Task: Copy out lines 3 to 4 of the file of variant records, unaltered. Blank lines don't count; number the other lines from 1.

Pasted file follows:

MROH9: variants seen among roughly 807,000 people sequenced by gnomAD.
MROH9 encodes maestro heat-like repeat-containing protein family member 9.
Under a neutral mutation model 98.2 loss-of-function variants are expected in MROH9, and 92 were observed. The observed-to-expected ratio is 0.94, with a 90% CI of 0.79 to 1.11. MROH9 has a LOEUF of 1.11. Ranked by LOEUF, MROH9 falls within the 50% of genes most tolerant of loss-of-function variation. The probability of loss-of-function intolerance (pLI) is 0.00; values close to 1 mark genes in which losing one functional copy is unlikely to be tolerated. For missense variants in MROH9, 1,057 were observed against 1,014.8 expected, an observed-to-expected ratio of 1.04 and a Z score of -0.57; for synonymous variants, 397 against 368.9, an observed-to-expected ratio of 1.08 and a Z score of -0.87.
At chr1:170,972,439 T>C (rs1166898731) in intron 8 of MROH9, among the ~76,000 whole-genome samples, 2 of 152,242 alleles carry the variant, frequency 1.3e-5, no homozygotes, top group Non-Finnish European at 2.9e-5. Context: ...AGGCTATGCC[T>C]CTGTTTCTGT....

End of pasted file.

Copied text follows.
Under a neutral mutation model 98.2 loss-of-function variants are expected in MROH9, and 92 were observed. The observed-to-expected ratio is 0.94, with a 90% CI of 0.79 to 1.11. MROH9 has a LOEUF of 1.11. Ranked by LOEUF, MROH9 falls within the 50% of genes most tolerant of loss-of-function variation. The probability of loss-of-function intolerance (pLI) is 0.00; values close to 1 mark genes in which losing one functional copy is unlikely to be tolerated. For missense variants in MROH9, 1,057 were observed against 1,014.8 expected, an observed-to-expected ratio of 1.04 and a Z score of -0.57; for synonymous variants, 397 against 368.9, an observed-to-expected ratio of 1.08 and a Z score of -0.87.
At chr1:170,972,439 T>C (rs1166898731) in intron 8 of MROH9, among the ~76,000 whole-genome samples, 2 of 152,242 alleles carry the variant, frequency 1.3e-5, no homozygotes, top group Non-Finnish European at 2.9e-5. Context: ...AGGCTATGCC[T>C]CTGTTTCTGT....